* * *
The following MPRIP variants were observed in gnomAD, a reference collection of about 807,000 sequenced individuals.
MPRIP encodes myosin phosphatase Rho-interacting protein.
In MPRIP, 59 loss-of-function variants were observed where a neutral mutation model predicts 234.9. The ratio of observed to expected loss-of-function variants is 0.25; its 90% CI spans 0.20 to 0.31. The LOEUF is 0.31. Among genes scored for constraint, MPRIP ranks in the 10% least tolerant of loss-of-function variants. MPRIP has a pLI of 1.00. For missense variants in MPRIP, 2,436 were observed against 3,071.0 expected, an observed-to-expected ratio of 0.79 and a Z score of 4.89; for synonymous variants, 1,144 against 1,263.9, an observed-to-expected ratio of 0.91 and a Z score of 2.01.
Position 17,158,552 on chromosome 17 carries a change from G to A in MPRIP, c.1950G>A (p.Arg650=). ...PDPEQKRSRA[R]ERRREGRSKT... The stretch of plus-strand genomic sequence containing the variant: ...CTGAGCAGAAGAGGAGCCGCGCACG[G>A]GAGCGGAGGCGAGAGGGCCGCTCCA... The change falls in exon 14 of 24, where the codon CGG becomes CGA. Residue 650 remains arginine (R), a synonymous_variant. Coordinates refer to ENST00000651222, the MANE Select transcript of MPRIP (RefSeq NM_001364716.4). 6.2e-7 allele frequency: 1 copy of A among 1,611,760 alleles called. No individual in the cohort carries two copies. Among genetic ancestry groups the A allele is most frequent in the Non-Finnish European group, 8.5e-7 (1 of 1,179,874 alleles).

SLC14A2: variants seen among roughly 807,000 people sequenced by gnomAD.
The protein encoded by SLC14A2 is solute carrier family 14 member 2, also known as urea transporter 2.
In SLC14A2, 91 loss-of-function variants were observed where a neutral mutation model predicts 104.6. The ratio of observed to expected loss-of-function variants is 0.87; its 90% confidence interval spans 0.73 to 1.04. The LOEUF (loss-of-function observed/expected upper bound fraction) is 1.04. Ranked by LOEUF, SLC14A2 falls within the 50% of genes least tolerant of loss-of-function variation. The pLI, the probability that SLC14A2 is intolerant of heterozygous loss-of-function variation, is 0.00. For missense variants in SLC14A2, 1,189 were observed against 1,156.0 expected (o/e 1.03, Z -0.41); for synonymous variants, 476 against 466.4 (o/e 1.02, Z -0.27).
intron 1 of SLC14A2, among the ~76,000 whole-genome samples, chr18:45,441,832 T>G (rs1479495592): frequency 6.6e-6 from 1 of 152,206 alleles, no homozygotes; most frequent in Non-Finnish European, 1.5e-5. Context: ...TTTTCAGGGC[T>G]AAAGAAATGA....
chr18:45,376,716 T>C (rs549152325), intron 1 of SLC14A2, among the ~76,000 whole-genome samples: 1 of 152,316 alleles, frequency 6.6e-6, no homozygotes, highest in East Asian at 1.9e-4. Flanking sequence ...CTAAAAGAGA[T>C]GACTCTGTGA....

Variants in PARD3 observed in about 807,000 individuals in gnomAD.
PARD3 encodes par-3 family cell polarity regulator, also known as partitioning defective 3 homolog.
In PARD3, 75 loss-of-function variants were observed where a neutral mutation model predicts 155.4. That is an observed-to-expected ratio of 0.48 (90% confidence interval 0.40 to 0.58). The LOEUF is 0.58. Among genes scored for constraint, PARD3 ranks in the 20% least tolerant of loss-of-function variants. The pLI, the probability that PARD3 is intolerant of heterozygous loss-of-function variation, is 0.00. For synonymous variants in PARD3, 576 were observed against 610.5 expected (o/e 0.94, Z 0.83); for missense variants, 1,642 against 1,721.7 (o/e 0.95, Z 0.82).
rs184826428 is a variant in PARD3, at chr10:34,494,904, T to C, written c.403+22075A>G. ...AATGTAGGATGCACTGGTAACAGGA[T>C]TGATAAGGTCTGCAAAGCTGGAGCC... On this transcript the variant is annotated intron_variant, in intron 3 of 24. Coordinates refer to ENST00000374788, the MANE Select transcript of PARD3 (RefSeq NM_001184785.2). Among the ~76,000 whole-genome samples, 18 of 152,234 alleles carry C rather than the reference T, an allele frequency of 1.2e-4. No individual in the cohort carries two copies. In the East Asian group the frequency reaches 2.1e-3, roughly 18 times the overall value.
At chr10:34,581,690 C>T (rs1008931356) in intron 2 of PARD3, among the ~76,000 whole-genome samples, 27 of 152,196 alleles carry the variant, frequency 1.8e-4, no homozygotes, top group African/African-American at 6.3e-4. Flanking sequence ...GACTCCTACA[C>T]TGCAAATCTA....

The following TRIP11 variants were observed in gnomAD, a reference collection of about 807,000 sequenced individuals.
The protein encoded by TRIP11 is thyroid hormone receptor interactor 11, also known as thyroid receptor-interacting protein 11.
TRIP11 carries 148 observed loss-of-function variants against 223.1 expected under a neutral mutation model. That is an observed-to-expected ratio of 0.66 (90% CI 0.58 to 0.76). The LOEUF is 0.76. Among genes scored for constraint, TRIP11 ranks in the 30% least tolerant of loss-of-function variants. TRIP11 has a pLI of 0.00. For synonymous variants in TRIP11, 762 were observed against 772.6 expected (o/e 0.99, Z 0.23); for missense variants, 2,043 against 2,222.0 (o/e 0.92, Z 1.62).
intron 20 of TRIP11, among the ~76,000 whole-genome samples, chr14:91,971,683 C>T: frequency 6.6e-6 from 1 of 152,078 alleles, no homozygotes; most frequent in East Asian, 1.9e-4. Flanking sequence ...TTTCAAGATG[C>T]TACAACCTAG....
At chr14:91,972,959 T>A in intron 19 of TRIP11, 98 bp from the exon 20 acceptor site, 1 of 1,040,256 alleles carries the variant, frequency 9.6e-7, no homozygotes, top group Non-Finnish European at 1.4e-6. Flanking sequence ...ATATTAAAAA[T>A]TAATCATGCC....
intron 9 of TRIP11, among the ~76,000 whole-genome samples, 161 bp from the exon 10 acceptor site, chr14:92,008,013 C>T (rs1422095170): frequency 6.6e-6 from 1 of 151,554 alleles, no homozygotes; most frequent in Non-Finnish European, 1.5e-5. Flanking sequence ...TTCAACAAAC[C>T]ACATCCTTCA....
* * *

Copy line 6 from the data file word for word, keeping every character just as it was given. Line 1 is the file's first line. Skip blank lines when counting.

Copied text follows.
The protein encoded by SLC14A2 is solute carrier family 14 member 2, also known as urea transporter 2.